In fact, he is not even considered capable of escorting his own wife down the aisle. Instead, he trails behind as though he came in late and has to catch up. His only responsibility is to remain upright and not step on his spouse’s dress from behind.

Since my son is marrying a doctor, let me put it in a medical perspective. The FOG is the appendix of the wedding party. Should he become inflamed he can be removed with virtually no damage to the wedding itself.

Sure, in some ceremonies the FOG is tossed a bone. Maybe he gets to light a candle before the service actually starts. Perhaps he can do a reading of some obscure scripture. Or in some cases, he might get to tell the caterer the final count of how many vegetarian dinners are actually necessary. But there seems to be no traditional role for this under-appreciated, under-utilized parental unit.

Of course, wedding days are not about other people. They are about the happy couple and giving them a day to remember as they start down the path to marital bliss. It is about their commitment and love, not about making sure their loved ones have played an important role in their day.

I don’t know who said that, but obviously it was not a Father of the Groom.

My oldest son was married just over four years ago, and his ceremony and celebration were amazing and wonderful. I played my role as FOG as well as could be expected. I wore the proper clothing, made the lonesome walk behind my wife as she was escorted to her seat by my other son, and made sure she did not trip coming off the altar when we jointly went up and lit a candle. Obviously, I could not be trusted alone with an open flame.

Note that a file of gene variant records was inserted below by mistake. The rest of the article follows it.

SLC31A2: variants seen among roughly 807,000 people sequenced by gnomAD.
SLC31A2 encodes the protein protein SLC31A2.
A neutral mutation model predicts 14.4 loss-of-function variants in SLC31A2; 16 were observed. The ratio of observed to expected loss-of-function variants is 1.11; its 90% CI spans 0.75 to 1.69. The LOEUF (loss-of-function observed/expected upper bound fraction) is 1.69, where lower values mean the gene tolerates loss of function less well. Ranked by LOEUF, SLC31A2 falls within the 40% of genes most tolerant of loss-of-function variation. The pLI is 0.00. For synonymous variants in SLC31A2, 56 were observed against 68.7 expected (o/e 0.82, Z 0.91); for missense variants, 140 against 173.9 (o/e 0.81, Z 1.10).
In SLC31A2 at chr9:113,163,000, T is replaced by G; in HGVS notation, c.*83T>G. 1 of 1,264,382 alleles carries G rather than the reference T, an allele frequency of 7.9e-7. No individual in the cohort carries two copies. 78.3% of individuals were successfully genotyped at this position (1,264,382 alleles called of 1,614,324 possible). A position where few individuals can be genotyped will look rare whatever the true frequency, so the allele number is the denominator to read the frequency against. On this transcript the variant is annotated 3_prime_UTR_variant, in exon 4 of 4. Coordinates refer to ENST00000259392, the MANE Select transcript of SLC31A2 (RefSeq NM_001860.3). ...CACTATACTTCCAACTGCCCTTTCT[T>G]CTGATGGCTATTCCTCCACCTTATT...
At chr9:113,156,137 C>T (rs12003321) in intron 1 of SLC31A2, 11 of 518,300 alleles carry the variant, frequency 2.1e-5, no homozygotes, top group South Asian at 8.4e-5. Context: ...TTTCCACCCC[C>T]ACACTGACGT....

And it was one of the happiest days of my life, as March 12, 2011 will be also. I can’t wait to watch my youngest child exchange vows and officially join the ranks of the married. His spouse-to-be is specializing in geriatrics, and frankly I’m figuring the timing is just about right for me.

But as I sit watching it happen, I think I’ll keep an invitation in my pocket in case I have to prove I’m supposed to be there. Remember, it’s all about me.

If any of you faithful readers have suggestions for this anxious FOG, I’d be more than happy to listen. After all, what else do I have to do?

Bill Gouveia is a local columnist and a soon-to-be two-time FOG. You may send suggestions to him at